‘Taliban cannot be defeated militarily’


Melbourne : A top Australian combat soldier in Afghanistan has warned that the Taliban militants cannot be defeated by military means and called for a fundamental change in strategy, a media report said Sunday.

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Brigadier Mark Smethurst says securing Afghanistan could take decades, but success is uncertain without a fundamental change in strategy, The Age reported Sunday.

His critical assessment comes in a report that contrasts sharply with federal government claims of progress in Afghanistan.

While the key role of Australian troops is mentoring local forces, Smethurst says the Afghan army cannot operate independently, despite seven years of training, and the police are even worse.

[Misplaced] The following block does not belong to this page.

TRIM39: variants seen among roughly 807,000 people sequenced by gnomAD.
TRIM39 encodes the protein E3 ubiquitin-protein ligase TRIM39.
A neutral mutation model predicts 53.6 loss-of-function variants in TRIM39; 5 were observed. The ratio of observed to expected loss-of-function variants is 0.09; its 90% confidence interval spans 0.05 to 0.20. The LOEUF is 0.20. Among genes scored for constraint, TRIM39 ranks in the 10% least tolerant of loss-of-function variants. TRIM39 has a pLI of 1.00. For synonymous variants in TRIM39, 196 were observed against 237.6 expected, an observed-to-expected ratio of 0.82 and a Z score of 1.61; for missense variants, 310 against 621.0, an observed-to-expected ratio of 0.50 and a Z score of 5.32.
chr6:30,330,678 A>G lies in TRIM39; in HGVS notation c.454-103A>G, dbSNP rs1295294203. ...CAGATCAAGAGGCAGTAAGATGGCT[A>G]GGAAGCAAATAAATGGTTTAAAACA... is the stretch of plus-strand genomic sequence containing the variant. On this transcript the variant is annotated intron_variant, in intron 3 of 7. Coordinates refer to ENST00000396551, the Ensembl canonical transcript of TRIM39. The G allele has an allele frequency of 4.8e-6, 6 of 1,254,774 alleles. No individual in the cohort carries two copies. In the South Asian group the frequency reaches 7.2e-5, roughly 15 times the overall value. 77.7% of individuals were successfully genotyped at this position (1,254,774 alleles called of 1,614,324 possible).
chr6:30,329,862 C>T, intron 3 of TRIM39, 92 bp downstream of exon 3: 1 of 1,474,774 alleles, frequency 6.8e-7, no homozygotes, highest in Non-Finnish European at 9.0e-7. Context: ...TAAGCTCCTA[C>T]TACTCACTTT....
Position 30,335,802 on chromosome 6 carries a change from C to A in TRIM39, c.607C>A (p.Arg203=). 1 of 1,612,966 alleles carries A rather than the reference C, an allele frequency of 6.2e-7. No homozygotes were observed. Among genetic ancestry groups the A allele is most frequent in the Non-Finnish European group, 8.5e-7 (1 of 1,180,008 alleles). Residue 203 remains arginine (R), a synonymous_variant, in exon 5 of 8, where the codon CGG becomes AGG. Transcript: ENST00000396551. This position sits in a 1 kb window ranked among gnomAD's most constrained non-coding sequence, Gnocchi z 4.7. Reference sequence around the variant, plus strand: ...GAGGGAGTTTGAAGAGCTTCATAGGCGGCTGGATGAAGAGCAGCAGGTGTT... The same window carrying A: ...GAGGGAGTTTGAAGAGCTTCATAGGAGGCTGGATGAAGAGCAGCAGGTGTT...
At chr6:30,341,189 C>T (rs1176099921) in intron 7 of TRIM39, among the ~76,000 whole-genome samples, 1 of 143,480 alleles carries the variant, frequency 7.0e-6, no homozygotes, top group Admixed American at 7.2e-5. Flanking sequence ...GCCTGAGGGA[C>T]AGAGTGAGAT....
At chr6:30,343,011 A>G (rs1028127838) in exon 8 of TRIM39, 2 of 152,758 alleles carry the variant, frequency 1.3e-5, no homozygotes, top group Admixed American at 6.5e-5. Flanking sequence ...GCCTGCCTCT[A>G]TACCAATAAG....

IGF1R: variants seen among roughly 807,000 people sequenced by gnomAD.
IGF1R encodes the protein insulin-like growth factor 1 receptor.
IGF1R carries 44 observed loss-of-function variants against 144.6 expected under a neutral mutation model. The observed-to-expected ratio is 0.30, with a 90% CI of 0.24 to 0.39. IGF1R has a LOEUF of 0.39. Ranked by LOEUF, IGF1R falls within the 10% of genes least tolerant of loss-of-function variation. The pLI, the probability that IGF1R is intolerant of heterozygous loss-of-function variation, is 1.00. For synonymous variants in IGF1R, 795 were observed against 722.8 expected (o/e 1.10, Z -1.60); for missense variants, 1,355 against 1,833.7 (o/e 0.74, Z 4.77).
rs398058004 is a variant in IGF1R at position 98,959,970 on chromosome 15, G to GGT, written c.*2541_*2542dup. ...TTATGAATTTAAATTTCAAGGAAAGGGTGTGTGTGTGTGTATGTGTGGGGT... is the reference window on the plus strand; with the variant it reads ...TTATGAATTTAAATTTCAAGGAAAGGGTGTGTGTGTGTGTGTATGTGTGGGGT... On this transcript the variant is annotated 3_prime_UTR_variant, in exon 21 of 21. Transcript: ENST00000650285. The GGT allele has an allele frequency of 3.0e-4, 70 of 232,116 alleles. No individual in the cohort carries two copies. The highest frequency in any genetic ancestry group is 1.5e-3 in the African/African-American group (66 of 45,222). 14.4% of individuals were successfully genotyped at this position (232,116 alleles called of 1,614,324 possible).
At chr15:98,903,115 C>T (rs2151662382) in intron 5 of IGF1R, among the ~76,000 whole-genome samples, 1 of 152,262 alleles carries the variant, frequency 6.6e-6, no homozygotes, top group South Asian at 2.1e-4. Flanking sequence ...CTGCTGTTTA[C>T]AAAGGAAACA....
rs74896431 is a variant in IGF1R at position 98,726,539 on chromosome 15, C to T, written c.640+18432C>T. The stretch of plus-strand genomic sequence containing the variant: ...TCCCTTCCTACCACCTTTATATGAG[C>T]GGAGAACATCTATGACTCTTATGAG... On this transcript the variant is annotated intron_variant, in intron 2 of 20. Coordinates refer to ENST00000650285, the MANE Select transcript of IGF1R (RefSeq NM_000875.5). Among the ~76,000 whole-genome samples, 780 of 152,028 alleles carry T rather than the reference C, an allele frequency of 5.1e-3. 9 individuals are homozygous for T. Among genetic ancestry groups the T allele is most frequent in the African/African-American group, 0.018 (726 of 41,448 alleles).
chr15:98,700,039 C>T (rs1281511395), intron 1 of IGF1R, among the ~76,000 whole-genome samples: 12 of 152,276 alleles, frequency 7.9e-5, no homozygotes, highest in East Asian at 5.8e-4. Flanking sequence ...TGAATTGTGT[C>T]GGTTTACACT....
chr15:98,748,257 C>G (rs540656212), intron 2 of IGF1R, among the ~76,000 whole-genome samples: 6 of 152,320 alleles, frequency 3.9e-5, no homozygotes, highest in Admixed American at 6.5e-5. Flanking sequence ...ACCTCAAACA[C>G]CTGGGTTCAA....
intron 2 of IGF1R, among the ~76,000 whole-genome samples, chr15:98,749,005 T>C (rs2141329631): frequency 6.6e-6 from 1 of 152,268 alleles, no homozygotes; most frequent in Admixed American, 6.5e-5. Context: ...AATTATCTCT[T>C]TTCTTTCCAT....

Smethurst is a highly regarded special forces officer, with service in East Timor, Iraq and Afghanistan in a 28-year career. At present deputy commander of Special Operations Command, he is tipped for a key coalition post in Afghanistan.

In a paper that makes uneasy reading for MPs before this week’s parliamentary debate on Afghanistan, he implies that if we haven’t achieved our primary aim by 2012 — training Afghan troops — we should pull out, the daily said.

“Compared with other counterinsurgency campaigns, the chance of a solution in the short term appears remote,” he says.

The paper called Creating Conditions for the Defeat of the Afghan Taliban: A Strategic Assessment was recently published online by the Australian Defence College.

Smethurst calls for a co-ordinated military and political strategy aimed at providing security, building Afghan forces and creating a functioning Afghan government.

Walking away from Afghanistan risks allowing the country to flourish as a breeding ground and haven for Islamic extremism, he warns.